How to Take Charge of Your Fundraising Events

Lori Halley 18 February 2014 5 comments

So they Don’t Take Charge of You: Is Your’s Worth the Effort? 

This is a guest post by Claire Axelrad (Clairification). 

Before you hold your next fundraising event, ask yourself one simple question: WHY?


Take a minute, right now, to jot down all the things you’d like to happen by virtue of you having held your event. 

I’ll wait. 

Seriously, do it. Jot. 

I’m waiting. 

Okay, there are a few of you who don’t yet have pencils and paper in front of you. Yes, I can see you.  Remember ‘Miss Nancy’ from Romper Room? [I know; I’m dating myself on this one].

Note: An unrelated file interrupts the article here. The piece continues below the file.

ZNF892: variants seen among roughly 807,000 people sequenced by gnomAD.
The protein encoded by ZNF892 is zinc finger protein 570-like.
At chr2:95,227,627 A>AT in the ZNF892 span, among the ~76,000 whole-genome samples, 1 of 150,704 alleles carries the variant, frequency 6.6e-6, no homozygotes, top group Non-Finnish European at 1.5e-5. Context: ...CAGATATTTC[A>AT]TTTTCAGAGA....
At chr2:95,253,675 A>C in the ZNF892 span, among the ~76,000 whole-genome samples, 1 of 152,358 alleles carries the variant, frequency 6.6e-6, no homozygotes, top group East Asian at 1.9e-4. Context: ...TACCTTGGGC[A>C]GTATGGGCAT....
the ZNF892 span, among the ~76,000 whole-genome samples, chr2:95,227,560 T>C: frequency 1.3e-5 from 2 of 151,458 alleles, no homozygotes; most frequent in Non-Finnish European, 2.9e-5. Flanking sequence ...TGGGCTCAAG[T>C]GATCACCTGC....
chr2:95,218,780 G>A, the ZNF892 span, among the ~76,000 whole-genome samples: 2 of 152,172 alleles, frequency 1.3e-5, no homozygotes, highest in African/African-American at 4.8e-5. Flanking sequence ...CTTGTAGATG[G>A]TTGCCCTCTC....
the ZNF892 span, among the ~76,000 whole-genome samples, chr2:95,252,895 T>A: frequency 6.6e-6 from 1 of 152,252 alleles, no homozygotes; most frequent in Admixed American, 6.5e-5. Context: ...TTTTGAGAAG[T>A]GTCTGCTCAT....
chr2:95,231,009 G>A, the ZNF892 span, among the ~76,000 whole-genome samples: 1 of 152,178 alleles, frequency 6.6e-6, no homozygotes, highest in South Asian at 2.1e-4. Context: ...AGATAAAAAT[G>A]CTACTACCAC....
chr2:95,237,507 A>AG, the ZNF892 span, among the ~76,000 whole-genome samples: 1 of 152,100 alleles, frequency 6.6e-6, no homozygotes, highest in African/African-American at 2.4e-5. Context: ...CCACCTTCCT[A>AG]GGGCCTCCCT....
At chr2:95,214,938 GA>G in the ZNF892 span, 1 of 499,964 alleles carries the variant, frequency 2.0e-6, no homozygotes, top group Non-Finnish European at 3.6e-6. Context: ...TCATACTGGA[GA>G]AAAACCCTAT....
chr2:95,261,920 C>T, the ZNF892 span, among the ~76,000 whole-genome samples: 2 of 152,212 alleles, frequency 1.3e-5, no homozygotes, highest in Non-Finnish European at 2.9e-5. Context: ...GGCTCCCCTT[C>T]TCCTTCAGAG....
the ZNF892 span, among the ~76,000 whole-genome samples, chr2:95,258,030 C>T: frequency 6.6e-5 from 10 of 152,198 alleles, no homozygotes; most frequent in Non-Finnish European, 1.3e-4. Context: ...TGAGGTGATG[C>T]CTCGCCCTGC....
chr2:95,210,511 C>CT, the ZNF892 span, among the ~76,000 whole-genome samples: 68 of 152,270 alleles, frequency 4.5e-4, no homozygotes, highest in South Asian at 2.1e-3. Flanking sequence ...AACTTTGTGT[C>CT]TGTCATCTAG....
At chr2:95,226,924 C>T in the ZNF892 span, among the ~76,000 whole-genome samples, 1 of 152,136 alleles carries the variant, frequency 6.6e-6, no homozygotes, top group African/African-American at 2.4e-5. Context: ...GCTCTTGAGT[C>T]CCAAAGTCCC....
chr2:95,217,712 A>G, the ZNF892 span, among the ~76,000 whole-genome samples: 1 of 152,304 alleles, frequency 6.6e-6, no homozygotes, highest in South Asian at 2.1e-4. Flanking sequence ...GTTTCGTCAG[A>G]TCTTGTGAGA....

Now, let me guess what you’re writing (and/or thinking).

  • To create awareness?
  • To make new friends?
  • To find/involve volunteers?
  • To cultivate existing donors?
  • To appeal to a broader demographic?
  • To raise a bundle of money?
  • To have fun?
  • To keep our board members/volunteers happy? 

Am I in the ballpark? 

Okay, super. Now let’s boil it down to the one real reason you’re holding your event.


You see, you really shouldn’t care if you have lots more volunteers and friends enjoying themselves at your event if it doesn’t translate into action that moves your mission forward.  And you can tell your board and volunteers that I said so! So many organizations host golf tournaments and barbecues and open houses to appease board and volunteers who suggest these wonderful ideas.  And they often suggest them because… drum roll… it means they don’t have to do other things that they find more terrifying.